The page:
40. The payment was to be made at the end of every month against an invoice raised by the Editorial Cartoonist.
41. The terms and conditions of employment of the applicant changed under various fixed term contracts. In the first contract dated the 20th July, 1992 for instance, he is expressly referred to as an employee of the Respondent Company. The Agreements/contracts culminated into the Agreement dated 1st July, 2014, titled “Agreement for a newspaper Editorial Cartoonist.’’
42. In terms thereof, the Applicant was engaged as ‘Editorial Cartoonist, with duties set out under Clause 1.2, 1.3 and 1.4 of the agreement.
43. In terms of Clause 2.1, the term of the contract was from 1st July, 2014, until 31st March, 2015, and was terminable in terms of Clause 6 by giving one month written notice.
44. In terms of Clause 7, the applicant was described as follows:-
“7.1 “The Editorial Cartoonist shall at all times act as an Independent contractor and not as a partner to or an employee of the company.”
45. Clause 4 of the Agreement, however, provides that the Editorial Cartoonist warrants as follows;
4(c) He shall not, during the term of this Agreement render similar or identical services to any other person or body whosoever which is in competition with the Company.
4(d) He shall report to the Company’s Group Managing Editor and adhere to and comply with the directives and guidelines issued by the Group Managing Editor from time in performance of his tasks under this agreement.
4(e) He shall at all times during this agreement comply with such Rules, Regulations, Guidelines, and ethics as govern the task contemplated under this Agreement including and not limited to the Nation Media Group Editorial Policy.
46. The applicant was paid Ksh 437,850 ‘Standard Fee’ for every calendar month that the applicant has performed his duties. The last contract expired on the 31st March, 2015. There was subsequently no formal agreement written and signed between the parties, but vide a letter dated the March 17, 2015, he was granted leave which was to end on February 2016 and was expected to adhere to the terms of service as contained in the contract. The letter reads as follows;
RE: SABBATICAL LEAVE
I write to advise you that your application for a year’s sabbatical leave has been approved and you can proceed effective March 19th 2015. You will be released on full pay and terms as contained in your contract. Your leave will thus end on February 28th 2016.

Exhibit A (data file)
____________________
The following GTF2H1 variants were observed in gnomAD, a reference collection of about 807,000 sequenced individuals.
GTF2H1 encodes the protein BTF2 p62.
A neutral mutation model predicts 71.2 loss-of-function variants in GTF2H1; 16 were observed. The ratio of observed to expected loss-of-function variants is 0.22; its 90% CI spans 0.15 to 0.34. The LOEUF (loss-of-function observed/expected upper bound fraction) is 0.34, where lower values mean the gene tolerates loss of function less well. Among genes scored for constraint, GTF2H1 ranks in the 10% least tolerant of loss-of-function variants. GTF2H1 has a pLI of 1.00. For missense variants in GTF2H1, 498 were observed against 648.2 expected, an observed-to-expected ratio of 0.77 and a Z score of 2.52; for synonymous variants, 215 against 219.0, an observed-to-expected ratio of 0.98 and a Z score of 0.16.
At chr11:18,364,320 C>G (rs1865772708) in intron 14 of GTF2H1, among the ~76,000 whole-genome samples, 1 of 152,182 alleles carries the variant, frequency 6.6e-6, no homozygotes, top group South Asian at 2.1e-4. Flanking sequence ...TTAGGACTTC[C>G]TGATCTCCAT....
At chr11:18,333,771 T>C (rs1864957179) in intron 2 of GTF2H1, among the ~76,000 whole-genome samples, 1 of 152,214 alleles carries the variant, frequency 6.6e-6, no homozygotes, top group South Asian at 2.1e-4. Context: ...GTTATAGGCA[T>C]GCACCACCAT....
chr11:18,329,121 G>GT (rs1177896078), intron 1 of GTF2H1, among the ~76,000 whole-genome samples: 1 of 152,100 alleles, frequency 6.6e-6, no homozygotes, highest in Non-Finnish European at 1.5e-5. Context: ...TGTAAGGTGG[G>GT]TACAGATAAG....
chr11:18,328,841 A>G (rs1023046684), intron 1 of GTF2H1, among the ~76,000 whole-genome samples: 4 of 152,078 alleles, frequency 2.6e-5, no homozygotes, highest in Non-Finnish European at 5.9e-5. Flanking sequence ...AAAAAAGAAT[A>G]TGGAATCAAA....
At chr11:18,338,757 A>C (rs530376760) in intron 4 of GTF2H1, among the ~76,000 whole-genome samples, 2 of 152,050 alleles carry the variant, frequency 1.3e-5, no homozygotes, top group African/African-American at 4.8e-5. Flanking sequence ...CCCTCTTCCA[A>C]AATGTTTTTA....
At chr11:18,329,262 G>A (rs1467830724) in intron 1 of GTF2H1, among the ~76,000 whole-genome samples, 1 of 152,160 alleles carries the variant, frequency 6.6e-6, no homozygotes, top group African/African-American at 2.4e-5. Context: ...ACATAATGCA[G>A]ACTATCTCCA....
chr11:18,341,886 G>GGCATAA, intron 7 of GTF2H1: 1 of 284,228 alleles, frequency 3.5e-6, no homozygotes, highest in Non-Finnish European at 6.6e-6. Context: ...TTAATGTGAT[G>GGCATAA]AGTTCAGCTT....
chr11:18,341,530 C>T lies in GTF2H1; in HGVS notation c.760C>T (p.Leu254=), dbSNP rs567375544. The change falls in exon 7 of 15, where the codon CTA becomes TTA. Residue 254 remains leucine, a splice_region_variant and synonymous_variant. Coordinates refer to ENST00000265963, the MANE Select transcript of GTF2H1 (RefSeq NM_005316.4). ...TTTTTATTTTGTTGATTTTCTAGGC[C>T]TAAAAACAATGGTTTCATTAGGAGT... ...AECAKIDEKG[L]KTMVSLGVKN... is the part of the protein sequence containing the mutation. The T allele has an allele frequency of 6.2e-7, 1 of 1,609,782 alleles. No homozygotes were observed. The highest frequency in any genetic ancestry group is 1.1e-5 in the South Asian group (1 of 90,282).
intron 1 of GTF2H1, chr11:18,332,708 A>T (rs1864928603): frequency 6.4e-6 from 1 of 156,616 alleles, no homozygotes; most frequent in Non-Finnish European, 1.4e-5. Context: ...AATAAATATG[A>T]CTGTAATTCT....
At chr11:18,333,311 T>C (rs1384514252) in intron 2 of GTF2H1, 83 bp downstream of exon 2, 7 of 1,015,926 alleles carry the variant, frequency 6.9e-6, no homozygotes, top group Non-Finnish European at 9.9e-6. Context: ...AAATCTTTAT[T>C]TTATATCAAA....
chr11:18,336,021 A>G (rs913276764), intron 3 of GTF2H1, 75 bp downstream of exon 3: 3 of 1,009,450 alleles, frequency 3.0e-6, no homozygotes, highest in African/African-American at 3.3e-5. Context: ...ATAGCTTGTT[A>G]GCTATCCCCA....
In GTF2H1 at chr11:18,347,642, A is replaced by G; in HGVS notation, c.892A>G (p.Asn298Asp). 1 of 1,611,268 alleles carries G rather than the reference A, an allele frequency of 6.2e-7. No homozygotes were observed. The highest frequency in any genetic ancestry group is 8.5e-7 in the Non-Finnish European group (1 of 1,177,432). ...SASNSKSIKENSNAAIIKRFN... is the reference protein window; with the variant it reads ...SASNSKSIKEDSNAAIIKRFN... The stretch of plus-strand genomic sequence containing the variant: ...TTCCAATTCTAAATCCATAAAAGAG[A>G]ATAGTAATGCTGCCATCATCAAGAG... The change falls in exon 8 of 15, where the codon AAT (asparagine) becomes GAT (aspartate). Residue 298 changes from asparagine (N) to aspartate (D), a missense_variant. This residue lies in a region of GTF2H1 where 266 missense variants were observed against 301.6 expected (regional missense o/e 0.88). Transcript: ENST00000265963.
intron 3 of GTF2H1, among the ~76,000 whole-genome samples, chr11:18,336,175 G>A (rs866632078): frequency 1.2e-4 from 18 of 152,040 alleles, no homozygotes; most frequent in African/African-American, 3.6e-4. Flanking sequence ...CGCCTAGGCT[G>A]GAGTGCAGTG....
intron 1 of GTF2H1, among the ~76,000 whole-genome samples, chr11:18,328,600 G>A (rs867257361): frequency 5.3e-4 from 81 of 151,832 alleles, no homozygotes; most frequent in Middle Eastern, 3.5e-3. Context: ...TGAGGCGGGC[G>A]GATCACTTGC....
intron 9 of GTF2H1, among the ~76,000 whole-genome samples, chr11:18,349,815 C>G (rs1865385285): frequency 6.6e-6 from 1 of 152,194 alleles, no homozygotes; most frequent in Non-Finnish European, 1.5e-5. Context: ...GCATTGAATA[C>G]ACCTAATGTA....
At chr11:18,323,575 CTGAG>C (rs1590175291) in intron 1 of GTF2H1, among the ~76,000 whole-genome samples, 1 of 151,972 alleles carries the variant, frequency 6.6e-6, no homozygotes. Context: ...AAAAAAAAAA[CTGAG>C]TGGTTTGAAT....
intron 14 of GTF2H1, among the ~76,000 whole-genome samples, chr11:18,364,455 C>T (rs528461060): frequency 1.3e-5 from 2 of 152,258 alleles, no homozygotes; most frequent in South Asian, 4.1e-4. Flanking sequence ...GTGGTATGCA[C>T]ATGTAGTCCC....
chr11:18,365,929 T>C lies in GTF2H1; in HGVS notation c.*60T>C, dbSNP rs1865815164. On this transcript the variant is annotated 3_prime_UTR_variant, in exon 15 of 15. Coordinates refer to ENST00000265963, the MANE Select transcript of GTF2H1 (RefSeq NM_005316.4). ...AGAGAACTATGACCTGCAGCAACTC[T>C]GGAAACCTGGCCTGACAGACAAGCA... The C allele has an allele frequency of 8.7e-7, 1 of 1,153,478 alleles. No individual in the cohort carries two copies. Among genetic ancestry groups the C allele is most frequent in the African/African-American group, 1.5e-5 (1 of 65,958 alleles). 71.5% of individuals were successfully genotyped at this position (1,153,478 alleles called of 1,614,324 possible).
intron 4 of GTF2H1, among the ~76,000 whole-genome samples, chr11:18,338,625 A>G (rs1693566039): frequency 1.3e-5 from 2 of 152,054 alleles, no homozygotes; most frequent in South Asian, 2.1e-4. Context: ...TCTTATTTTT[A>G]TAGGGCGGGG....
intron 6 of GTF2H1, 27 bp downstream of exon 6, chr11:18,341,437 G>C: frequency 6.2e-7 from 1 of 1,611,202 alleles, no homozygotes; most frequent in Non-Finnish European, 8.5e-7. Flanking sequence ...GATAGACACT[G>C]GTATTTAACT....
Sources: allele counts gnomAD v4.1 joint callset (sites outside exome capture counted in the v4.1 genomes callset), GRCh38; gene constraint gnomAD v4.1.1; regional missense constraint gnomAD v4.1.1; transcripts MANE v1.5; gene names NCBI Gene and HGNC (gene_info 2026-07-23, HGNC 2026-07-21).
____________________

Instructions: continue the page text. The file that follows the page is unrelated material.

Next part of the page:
During your leave you will be expected to adhere broadly to the terms of service as contained in the contract. Specifically, we expect that you will not work for any other newspaper in the same capacity and will at all times behave with the decorum expected from a staff of the Nation Media Group.
I take this opportunity to wish you well during the sabbatical and look forward to seeing you again in February when your contract will be reviewed.
47. The arbitrator in addition to other findings of fact held that the agreement dated 1st July, 2014, was extended for a further one -year up to 28th February, 2016 pursuant to the respondent’s letter dated 17th March, 2015 mentioned above and applied the doctrine of estoppel against the respondent as opposed to the claimant in finding that indeed the contract for service dated 1st July, 2014 was impliedly extended by the said letter of 17th March, 2015 for a further term of one year which ended on 28th February, 2016.
48. The arbitrator further found that, the claimant was served with a termination notice on 4th February, 2016, one month prior to the expiry of his sabbatical leave in compliance with Clause 6 of the contract of service.
49. The applicant in short submits that the Arbitrator by failing to look at the totality of the whole working arrangements between him and the respondent Company materially misconstrued the true working relationship between him and the respondent leading to his mis-characterization as an independent contractor when in real sense he should have been employee.
50. The applicant concludes therefore that the Arbitrator was unable to avail the applicant the Statutory protections/remedies following what the applicant deemed to be unfair termination relating to the previous work he had done whilst working for the respondent. This is the claim captured in the demand letter and in the Statement of Claim which unfortunately the Arbitrator failed to address in his Award. This, the applicant submits is against Public policy within the meaning of section 35 (2) (b)(ii).